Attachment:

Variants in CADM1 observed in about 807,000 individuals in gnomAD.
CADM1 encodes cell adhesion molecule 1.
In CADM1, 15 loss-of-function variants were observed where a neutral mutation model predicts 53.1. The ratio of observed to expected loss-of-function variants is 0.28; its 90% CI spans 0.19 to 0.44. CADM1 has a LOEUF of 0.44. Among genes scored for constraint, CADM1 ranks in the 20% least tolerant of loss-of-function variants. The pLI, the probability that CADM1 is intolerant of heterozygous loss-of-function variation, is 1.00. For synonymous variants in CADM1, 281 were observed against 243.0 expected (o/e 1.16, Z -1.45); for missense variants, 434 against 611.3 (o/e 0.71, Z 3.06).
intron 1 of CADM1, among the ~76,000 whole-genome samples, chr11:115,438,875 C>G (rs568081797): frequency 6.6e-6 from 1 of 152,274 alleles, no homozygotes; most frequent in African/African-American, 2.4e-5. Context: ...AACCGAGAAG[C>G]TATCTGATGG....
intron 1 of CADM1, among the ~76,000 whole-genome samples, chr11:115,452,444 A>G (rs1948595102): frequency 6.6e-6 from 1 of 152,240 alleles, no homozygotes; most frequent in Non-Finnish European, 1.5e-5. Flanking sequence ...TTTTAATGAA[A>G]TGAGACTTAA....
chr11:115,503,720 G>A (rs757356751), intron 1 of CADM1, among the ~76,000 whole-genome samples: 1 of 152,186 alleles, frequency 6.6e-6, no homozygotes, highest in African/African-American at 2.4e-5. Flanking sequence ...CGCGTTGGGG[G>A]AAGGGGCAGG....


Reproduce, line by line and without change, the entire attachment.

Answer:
Variants in CADM1 observed in about 807,000 individuals in gnomAD.
CADM1 encodes cell adhesion molecule 1.
In CADM1, 15 loss-of-function variants were observed where a neutral mutation model predicts 53.1. The ratio of observed to expected loss-of-function variants is 0.28; its 90% CI spans 0.19 to 0.44. CADM1 has a LOEUF of 0.44. Among genes scored for constraint, CADM1 ranks in the 20% least tolerant of loss-of-function variants. The pLI, the probability that CADM1 is intolerant of heterozygous loss-of-function variation, is 1.00. For synonymous variants in CADM1, 281 were observed against 243.0 expected (o/e 1.16, Z -1.45); for missense variants, 434 against 611.3 (o/e 0.71, Z 3.06).
intron 1 of CADM1, among the ~76,000 whole-genome samples, chr11:115,438,875 C>G (rs568081797): frequency 6.6e-6 from 1 of 152,274 alleles, no homozygotes; most frequent in African/African-American, 2.4e-5. Context: ...AACCGAGAAG[C>G]TATCTGATGG....
intron 1 of CADM1, among the ~76,000 whole-genome samples, chr11:115,452,444 A>G (rs1948595102): frequency 6.6e-6 from 1 of 152,240 alleles, no homozygotes; most frequent in Non-Finnish European, 1.5e-5. Flanking sequence ...TTTTAATGAA[A>G]TGAGACTTAA....
chr11:115,503,720 G>A (rs757356751), intron 1 of CADM1, among the ~76,000 whole-genome samples: 1 of 152,186 alleles, frequency 6.6e-6, no homozygotes, highest in African/African-American at 2.4e-5. Flanking sequence ...CGCGTTGGGG[G>A]AAGGGGCAGG....